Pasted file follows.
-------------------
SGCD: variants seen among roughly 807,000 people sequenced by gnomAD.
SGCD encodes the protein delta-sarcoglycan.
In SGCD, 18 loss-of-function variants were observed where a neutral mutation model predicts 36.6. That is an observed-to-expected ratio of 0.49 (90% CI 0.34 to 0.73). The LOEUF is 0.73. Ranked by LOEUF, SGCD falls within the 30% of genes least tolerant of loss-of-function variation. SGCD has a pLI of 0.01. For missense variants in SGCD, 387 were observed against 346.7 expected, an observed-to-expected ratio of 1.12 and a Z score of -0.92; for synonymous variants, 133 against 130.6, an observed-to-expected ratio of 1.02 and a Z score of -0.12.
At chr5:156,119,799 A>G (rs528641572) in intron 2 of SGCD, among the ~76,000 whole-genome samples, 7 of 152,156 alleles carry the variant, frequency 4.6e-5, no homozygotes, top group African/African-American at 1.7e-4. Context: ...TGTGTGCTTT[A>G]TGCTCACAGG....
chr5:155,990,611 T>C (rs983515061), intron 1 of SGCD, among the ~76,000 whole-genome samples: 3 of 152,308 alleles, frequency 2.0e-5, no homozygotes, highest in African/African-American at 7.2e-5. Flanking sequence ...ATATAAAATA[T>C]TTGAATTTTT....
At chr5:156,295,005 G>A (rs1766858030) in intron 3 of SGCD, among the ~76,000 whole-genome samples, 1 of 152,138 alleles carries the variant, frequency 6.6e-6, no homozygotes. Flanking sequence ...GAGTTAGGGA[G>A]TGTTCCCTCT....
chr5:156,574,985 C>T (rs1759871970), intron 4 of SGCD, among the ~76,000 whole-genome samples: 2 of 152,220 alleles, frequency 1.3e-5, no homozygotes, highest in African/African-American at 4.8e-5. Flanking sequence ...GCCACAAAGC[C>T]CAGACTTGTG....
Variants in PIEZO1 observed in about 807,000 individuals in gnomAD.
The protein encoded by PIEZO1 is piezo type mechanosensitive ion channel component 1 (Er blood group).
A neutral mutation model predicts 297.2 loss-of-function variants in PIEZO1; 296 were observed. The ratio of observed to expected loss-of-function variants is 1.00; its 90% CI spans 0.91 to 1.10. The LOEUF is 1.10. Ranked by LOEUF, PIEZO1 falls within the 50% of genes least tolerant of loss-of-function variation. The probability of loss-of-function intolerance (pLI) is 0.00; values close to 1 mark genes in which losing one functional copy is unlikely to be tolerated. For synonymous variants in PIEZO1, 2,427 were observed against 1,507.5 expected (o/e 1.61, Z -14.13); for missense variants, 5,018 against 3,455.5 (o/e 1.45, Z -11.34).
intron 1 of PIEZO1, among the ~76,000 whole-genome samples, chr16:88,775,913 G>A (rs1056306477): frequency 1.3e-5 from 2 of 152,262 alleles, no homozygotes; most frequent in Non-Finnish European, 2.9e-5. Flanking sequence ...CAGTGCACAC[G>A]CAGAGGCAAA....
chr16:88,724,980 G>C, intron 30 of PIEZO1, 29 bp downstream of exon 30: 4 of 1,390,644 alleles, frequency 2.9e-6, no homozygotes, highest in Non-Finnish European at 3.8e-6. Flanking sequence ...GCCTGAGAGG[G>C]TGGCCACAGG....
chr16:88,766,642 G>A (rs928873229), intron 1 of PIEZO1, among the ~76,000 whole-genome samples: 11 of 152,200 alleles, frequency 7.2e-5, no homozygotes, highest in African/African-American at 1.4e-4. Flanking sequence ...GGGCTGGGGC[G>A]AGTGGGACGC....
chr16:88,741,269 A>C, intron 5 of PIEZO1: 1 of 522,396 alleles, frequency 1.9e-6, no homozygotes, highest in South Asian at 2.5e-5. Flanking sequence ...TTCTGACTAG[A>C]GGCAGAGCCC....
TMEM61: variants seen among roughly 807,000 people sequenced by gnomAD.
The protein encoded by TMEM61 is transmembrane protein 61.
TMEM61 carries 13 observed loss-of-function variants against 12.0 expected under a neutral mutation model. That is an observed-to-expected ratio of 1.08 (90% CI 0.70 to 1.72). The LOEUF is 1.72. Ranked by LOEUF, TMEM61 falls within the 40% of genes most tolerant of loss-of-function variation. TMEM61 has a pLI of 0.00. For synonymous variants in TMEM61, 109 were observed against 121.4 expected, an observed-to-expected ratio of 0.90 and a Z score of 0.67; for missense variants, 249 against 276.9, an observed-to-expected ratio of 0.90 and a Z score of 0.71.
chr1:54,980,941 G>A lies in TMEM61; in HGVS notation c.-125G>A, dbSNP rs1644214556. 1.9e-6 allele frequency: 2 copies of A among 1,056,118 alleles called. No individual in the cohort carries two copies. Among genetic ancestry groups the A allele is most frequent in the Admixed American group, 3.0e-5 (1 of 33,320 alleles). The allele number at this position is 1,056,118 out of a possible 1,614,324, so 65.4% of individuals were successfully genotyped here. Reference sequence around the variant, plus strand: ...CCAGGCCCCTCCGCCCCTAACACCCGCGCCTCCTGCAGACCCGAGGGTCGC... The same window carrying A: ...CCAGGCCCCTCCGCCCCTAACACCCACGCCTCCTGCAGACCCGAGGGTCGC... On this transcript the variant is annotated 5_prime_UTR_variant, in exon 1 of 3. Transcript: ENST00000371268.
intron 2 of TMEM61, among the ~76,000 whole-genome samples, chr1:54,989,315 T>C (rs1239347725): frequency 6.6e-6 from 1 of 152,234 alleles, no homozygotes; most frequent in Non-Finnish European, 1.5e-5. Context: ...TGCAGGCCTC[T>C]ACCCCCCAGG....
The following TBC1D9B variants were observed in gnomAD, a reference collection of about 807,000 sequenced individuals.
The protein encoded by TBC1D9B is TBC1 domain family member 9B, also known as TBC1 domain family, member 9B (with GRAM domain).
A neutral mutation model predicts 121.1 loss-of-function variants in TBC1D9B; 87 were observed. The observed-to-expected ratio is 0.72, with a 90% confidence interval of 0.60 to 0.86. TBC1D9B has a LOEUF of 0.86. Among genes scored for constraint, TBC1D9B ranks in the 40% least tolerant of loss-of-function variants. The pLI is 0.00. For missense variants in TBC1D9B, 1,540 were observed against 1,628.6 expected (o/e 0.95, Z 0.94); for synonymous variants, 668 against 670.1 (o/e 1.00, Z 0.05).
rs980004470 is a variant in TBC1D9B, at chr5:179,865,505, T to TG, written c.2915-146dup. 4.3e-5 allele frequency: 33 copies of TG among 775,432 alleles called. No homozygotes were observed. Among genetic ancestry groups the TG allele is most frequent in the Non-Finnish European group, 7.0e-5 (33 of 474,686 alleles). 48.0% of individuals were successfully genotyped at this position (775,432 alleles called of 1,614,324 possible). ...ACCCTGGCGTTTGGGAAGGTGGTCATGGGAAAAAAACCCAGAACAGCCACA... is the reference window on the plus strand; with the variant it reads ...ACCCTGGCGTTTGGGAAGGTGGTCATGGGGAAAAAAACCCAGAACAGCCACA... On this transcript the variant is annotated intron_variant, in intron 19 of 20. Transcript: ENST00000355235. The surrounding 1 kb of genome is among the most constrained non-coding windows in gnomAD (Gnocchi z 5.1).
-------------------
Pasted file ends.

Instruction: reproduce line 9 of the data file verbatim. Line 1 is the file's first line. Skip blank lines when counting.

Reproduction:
The protein encoded by PIEZO1 is piezo type mechanosensitive ion channel component 1 (Er blood group).